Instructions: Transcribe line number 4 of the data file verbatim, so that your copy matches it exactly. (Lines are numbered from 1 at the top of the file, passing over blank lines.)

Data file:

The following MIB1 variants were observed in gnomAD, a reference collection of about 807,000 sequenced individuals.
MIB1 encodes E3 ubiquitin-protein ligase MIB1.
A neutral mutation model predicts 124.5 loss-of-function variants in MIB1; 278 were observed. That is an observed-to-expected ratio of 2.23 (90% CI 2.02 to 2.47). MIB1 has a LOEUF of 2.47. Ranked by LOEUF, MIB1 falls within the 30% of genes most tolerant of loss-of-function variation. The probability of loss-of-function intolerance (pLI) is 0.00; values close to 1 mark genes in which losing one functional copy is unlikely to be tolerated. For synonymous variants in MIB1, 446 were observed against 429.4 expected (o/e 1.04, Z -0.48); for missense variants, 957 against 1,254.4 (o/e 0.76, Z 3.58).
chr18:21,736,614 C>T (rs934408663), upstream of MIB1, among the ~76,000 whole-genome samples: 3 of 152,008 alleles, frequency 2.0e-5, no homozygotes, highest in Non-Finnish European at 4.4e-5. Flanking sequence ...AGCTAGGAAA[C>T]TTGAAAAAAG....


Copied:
chr18:21,736,614 C>T (rs934408663), upstream of MIB1, among the ~76,000 whole-genome samples: 3 of 152,008 alleles, frequency 2.0e-5, no homozygotes, highest in Non-Finnish European at 4.4e-5. Flanking sequence ...AGCTAGGAAA[C>T]TTGAAAAAAG....